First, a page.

Brexit ‘meaningful vote’ rejected as PM strikes deal with Tory rebels

12th June, 2018 6:17 pm

Today the government avoided an embarrassing defeat on a key Brexit vote by offering concessions to Remainer Tory MPs.

After the resignation of justice minister Phillip Lee, who said he could not support the government’s position on Brexit, it was said government whips feared a Tory rebellion on the ‘meaningful vote’ amendment passed by the House of Lords.

As the vote approached, Tory MPs intending to defy the party whip in order to vote with Labour on the amendment left the chamber.

That is when Theresa May reportedly gave 15-20 Conservative ‘rebels’ assurances that the government would accept the general meaning of Dominic Grieve’s alternative amendment.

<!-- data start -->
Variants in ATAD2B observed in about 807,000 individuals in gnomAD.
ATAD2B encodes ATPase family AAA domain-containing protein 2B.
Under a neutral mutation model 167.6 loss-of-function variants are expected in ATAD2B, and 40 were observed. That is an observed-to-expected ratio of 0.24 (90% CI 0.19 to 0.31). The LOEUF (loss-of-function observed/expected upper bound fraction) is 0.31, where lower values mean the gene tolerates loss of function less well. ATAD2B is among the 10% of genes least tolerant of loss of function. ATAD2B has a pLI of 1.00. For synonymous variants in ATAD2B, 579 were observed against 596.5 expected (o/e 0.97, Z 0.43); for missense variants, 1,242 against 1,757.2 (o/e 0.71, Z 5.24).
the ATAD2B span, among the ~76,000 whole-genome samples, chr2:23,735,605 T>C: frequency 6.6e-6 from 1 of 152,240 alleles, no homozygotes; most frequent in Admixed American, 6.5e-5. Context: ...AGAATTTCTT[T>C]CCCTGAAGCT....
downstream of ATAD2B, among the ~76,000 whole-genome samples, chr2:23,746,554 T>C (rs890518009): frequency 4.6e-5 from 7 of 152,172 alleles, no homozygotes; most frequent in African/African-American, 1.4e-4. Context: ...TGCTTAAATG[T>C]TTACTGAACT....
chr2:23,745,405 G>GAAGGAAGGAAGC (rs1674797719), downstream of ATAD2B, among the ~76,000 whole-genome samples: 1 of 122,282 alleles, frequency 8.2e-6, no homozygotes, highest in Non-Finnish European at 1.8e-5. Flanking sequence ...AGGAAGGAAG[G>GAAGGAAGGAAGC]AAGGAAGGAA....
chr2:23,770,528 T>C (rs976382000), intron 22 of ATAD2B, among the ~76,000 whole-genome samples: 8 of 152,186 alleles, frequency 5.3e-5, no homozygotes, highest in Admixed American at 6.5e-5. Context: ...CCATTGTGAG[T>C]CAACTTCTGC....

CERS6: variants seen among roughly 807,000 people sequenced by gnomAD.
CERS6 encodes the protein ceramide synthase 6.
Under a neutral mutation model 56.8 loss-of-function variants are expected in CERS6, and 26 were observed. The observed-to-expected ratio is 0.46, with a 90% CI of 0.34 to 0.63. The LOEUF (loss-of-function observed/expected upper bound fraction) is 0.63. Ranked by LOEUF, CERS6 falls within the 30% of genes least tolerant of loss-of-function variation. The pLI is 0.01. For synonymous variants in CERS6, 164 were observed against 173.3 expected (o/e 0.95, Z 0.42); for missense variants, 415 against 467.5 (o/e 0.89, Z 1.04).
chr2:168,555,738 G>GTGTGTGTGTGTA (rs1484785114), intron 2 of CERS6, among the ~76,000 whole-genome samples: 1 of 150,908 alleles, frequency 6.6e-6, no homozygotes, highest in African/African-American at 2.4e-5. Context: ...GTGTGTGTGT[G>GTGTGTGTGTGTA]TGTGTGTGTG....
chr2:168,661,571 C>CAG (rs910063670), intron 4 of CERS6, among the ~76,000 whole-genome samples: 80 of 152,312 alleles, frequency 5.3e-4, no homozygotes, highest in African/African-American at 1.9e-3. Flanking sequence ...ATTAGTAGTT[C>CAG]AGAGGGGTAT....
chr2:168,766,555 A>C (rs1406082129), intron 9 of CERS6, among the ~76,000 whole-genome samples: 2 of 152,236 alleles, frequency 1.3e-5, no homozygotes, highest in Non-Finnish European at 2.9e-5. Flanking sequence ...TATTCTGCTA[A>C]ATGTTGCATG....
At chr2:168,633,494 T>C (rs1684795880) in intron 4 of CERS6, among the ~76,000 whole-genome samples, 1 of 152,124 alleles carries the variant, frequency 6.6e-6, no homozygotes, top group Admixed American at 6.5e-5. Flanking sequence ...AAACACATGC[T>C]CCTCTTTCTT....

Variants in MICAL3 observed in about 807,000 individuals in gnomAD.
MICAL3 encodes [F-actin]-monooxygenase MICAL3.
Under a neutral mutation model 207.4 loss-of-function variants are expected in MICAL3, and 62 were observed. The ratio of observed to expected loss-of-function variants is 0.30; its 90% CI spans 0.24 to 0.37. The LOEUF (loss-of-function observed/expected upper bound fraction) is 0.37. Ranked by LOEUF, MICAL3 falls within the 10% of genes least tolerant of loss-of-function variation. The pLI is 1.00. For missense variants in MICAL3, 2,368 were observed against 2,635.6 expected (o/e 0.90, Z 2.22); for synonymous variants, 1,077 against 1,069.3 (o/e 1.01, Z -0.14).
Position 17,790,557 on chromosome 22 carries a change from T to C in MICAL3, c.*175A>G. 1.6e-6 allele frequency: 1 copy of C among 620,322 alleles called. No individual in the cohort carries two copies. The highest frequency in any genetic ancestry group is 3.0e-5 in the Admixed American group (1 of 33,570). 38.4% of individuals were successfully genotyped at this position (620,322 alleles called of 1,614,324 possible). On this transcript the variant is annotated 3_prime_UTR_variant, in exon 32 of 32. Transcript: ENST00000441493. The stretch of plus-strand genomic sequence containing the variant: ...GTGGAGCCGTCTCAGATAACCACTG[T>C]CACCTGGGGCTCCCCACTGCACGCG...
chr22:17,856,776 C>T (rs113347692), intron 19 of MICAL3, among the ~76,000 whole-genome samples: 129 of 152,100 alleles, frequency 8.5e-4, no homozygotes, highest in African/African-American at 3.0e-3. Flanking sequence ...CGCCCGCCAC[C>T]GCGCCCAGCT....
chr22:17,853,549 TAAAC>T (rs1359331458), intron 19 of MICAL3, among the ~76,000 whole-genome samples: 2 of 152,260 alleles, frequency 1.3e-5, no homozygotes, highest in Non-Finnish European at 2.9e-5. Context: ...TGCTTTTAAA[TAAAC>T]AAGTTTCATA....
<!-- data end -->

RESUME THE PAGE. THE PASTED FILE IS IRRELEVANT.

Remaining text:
The motion to reject the Lords amendment, which would have given MPs control over the government’s negotiation strategy and the final exit deal, therefore passed by 324 votes to 298 – a majority of 26 votes.

Due to the concessions offered, the details of which have not yet been fully revealed, two Conservative MPs – Ken Clarke and Anna Soubry – rebelled. Phillip Lee abstained.

It is thought that both the government and the Remainer group of Tory MPs consider the outcome to be a success.

Five Labour MPs – Ronnie Campbell, Frank Field, Kate Hoey, John Mann and Graham Stringer – voted with the government.

Shadow Brexit Secretary Keir Starmer commented: “This vote was about ensuring parliament was given a proper role in the Brexit negotiations and that we avoid a no deal situation, which is becoming more likely with the divisions at the heart of this government.

“However, facing the prospect of a humiliating defeat Theresa May has been forced to enter negotiations with her backbenchers and offer a so-called concession.

“We will wait and see the details of this concession and will hold ministers to account to ensure it lives up to the promises they have made to parliament.”

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